Clamp is a temporary structure generally constructed over the ground with a height of about 4 to 6 m. It is employed when the demand of the bricks is lower scale and when it is not a monsoon season.
This is generally trapezoidal in plan whose shorter edge among the parallel sides is below the ground and then the surface raising constantly at about 15 degrees to reach the other parallel edge over the ground.
A vertical brick and mud wall is constructed at the lower edge to support the stack of the brick. First layer of fuel is laid as the bottom most layer with the coal, wood and other locally available material like cow dung and husk.
Another layer of about 4 to 5 rows of bricks is laid and then again a fuel layer is laid over it. The thickness of the fuel layer goes on with the height of the clamp.
After these alternate layers of the bricks and fuel the top surface is covered with the mud so as to preserve the heat.
Fire is ignited at the bottom, once fire is started it is kept under fire by itself for one or two months and same time period is needed for the cooling of the bricks.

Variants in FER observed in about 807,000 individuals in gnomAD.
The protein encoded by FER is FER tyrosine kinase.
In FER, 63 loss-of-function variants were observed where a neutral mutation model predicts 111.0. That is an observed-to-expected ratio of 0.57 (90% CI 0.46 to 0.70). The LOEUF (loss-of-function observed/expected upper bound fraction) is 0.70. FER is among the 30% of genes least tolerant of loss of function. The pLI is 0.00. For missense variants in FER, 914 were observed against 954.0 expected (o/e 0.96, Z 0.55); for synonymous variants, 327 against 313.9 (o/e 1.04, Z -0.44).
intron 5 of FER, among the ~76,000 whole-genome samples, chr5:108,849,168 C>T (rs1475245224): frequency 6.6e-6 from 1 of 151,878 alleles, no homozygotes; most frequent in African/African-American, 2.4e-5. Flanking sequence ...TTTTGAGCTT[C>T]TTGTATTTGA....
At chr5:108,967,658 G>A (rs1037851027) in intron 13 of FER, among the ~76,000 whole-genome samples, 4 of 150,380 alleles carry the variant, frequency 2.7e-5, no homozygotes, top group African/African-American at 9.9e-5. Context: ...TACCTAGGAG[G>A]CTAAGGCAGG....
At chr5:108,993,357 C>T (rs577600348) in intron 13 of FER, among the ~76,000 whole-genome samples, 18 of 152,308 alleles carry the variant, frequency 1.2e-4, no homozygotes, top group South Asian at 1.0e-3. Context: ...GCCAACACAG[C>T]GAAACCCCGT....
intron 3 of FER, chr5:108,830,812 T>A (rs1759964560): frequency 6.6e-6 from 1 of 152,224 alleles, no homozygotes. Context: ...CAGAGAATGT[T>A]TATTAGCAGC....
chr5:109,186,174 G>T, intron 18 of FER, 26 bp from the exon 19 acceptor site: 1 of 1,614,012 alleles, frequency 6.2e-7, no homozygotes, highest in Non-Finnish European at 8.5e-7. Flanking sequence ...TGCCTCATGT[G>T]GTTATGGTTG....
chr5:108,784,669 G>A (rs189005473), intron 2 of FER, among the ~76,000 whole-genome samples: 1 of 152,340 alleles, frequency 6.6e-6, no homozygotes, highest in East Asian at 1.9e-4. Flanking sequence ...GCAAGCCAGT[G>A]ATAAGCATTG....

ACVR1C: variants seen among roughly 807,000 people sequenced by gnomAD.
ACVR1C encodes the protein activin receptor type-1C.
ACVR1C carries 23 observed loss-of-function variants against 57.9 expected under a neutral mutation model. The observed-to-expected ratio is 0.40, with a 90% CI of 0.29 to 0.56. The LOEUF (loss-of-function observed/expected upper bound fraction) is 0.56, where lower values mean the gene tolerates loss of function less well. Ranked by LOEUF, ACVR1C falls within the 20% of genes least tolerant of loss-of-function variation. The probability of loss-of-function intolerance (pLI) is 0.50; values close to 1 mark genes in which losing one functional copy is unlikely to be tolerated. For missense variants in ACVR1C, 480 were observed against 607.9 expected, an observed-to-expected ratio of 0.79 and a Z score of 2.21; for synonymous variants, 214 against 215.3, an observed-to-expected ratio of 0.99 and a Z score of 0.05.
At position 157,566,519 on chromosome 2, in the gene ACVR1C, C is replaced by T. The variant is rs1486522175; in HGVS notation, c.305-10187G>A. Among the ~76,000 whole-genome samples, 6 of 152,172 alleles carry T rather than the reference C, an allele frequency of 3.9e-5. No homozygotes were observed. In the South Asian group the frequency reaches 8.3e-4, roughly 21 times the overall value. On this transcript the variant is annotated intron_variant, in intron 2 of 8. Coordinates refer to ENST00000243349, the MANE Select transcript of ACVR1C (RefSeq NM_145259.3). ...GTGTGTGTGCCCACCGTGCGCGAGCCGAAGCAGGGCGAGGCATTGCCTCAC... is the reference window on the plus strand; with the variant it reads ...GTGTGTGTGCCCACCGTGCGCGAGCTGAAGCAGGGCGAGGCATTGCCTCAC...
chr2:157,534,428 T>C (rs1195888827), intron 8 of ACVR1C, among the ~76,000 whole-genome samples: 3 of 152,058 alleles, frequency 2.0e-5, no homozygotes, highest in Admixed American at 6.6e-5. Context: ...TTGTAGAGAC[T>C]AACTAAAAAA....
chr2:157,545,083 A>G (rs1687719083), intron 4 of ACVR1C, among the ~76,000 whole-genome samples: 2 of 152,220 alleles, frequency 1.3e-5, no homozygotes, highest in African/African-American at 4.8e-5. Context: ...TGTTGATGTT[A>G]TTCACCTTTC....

- Disadvantages of Clamp burning:
- Bricks at the bottom are over-burnt while at the top are under-burnt.
- Bricks loose their shape, and reason may be their descending downward once the fuel layer is burnt.
- This method can not employed for the manufacturing of large number of bricks and it is costly in terms of fuel because large amount of heat is wasted.
- It can not be employed in monsoon season.
- Kiln Burning:
Kiln is a large oven used for the burning of bricks. Generally coal and other locally available materials like wood, cow dung etc can be used as fuel. They are of two types:
(a) Intermittent Kilns.
(b) Continuous Kilns.
- Intermittent Kilns
are also the periodic kind of kilns, because in such kilns only one process can take place at one time. Various major processes which takes place in the kilns are:
Loading, unloading, Cooling, and Burning of bricks.
There are two kind of intermittent kilns:
(i) Up-draught Intermittent Kilns
(ii) Down draught Intermittent Kilns